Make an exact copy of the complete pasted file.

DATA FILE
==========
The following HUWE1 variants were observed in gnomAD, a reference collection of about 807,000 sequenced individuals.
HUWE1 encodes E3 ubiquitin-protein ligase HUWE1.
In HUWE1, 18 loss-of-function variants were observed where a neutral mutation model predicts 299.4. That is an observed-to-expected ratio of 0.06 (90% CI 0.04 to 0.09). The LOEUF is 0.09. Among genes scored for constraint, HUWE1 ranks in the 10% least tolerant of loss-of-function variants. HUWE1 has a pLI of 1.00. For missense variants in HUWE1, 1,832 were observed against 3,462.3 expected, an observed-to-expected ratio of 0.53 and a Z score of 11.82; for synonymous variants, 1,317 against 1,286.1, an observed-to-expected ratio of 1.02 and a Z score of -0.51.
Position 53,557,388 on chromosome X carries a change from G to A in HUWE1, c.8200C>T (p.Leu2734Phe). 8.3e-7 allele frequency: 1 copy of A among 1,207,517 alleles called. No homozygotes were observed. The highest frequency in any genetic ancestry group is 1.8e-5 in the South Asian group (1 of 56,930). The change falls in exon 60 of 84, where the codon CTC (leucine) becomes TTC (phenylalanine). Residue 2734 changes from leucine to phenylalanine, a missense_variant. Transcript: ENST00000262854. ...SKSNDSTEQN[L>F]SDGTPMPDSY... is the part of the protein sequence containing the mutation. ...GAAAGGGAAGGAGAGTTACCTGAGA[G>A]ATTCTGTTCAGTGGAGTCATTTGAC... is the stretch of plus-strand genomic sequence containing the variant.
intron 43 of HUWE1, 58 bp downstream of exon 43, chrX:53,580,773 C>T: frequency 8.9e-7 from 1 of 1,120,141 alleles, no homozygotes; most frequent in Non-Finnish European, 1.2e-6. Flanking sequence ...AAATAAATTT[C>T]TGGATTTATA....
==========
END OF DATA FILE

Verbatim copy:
The following HUWE1 variants were observed in gnomAD, a reference collection of about 807,000 sequenced individuals.
HUWE1 encodes E3 ubiquitin-protein ligase HUWE1.
In HUWE1, 18 loss-of-function variants were observed where a neutral mutation model predicts 299.4. That is an observed-to-expected ratio of 0.06 (90% CI 0.04 to 0.09). The LOEUF is 0.09. Among genes scored for constraint, HUWE1 ranks in the 10% least tolerant of loss-of-function variants. HUWE1 has a pLI of 1.00. For missense variants in HUWE1, 1,832 were observed against 3,462.3 expected, an observed-to-expected ratio of 0.53 and a Z score of 11.82; for synonymous variants, 1,317 against 1,286.1, an observed-to-expected ratio of 1.02 and a Z score of -0.51.
Position 53,557,388 on chromosome X carries a change from G to A in HUWE1, c.8200C>T (p.Leu2734Phe). 8.3e-7 allele frequency: 1 copy of A among 1,207,517 alleles called. No homozygotes were observed. The highest frequency in any genetic ancestry group is 1.8e-5 in the South Asian group (1 of 56,930). The change falls in exon 60 of 84, where the codon CTC (leucine) becomes TTC (phenylalanine). Residue 2734 changes from leucine to phenylalanine, a missense_variant. Transcript: ENST00000262854. ...SKSNDSTEQN[L>F]SDGTPMPDSY... is the part of the protein sequence containing the mutation. ...GAAAGGGAAGGAGAGTTACCTGAGA[G>A]ATTCTGTTCAGTGGAGTCATTTGAC... is the stretch of plus-strand genomic sequence containing the variant.
intron 43 of HUWE1, 58 bp downstream of exon 43, chrX:53,580,773 C>T: frequency 8.9e-7 from 1 of 1,120,141 alleles, no homozygotes; most frequent in Non-Finnish European, 1.2e-6. Flanking sequence ...AAATAAATTT[C>T]TGGATTTATA....